Report: FIFA investigations unsatisfactory

Report: FIFA investigations unsatisfactory

A report by FIFA’s anti-corruption adviser today criticised past investigations by the governing body, but stopped short of calling for probes into the 2018 and 2022 World Cup to be reopened.

Swiss professor Mark Pieth’s report was presented to FIFA’s executive committee today, where he branded as “unsatisfactory” past investigations into corruption, with the sanctions imposed both “insufficient and clearly unconvincing”.

FIFA have responded by agreeing to a revamped ethics committee to be set up, and a separate compliance and audit committee.

A decision on proposals to scrap the British FIFA vice-presidency have been deferred to next year, however.

The new two-chamber ethics committee – one part to investigate allegations and the other part to judge cases – will also vet FIFA officials, while the audit and compliance committee will set the salaries for FIFA executives and have other financial controls.

The chairmen of both chambers of the ethics committee will be independent - they will be chosen by the FIFA Congress in May from a list of nominations put together by Pieth.

A series of corruption allegations have rocked FIFA over the last 18 months concerning both World Cup bidding and last year’s presidential election, which led to candidate Mohamed Bin Hammam being banned for life.

The report by the Independent Governance Committee (IGC), the body headed by Pieth set up last year to recommend reform proposals, was published today and states: “The IGC has received documents and has conducted a hearing on the ways FIFA has been dealing with past misconduct.

“Clearly, the existing procedures are – in the opinion of the IGC and the relevant Task Force – insufficient to meet the challenges of a major global sport governing body.

“This has led to unsatisfactory reactions to persistent allegations.

“In particular, the IGC has identified a lack of proactive and systematic investigation of allegations.

“In some instances, allegations were insufficiently investigated and where sanctions were imposed, they are at times insufficient and clearly unconvincing.”

FIFA president Sepp Blatter responded by announcing the new committees.

He added: “The executive committee unanimously agreed to this new approach in our efforts for more transparency and integrity.

“The new ethics committee will have the possibility to initiate investigation in case of credible allegations.”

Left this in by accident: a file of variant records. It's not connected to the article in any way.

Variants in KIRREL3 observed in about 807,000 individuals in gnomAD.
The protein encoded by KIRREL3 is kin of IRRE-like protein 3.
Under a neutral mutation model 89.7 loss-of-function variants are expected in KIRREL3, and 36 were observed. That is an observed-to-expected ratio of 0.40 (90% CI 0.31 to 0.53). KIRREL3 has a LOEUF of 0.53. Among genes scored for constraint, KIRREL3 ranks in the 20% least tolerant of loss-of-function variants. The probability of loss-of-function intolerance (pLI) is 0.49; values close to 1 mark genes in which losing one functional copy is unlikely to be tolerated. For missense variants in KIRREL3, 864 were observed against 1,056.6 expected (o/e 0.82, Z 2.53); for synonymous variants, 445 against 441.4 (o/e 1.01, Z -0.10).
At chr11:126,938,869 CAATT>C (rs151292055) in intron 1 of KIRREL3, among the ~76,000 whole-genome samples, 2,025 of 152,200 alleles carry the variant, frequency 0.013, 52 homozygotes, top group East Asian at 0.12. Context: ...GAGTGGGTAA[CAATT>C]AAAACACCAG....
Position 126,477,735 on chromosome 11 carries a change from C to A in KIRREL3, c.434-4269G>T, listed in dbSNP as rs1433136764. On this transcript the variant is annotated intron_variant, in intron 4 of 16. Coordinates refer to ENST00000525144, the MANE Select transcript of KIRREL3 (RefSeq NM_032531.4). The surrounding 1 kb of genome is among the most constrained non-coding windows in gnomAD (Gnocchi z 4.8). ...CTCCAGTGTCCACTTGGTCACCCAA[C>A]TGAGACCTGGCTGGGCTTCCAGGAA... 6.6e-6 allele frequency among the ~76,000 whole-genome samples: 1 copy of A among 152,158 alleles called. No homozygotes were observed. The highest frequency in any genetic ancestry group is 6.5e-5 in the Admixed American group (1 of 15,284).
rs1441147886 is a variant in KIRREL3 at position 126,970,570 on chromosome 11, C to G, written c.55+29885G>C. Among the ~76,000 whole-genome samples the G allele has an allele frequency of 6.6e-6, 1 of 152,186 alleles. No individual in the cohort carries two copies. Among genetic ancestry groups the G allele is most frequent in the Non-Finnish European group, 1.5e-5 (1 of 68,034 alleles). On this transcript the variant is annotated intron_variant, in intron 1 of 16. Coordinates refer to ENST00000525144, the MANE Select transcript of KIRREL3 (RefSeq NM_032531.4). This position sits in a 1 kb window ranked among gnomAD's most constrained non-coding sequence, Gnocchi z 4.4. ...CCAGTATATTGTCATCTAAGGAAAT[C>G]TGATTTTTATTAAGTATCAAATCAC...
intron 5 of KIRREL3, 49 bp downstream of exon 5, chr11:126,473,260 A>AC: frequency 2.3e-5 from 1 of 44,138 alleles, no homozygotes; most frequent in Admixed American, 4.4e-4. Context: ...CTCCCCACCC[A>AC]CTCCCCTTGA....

Pieth’s IGC team looked at how FIFA had investigated former FA and England 2018 bid chairman Lord Triesman’s allegations of impropriety by a number of FIFA members during the campaign – the governing body ruled in May there was no case to answer.

They also looked at the investigations in allegations about the so-called whistleblower, who made and then retracted claims that Qatar had paid bribes to FIFA members of the 2022 World Cup.

The International FA Board, the game’s law-making body, will be asked to bring in its own reforms to make it more democratic.

It currently comprises of the four British associations, who have one vote each, and FIFA, who have four.

Blatter added: “The IFAB is valuable and we will ask IFAB to make a reform itself for a more democratic, clear transparent structure.

“We don’t want to take it away, we want to take it inside the FIFA structure.”

Blatter was asked what would happen to IFAB and the other British privileges if Scotland voted for independence in a 2013 referendum.

He replied: “Who can foresee the future and history of what will happen with Scotland and some other countries?”

Britain’s current FIFA vice-president is Jim Boyce from Northern Ireland – the other three associations have admitted the time may have come for the position to be scrapped.

Boyce confirmed, however, that there would be no move on that until next year, saying: “There is no doubt that was discussed by the task force but nothing more will develop on it this year.

“I have had no official views expressed to me by the British associations but I have read various reports in the press.

“I am here to express the views of the four British associations and also to work for the good of football.”

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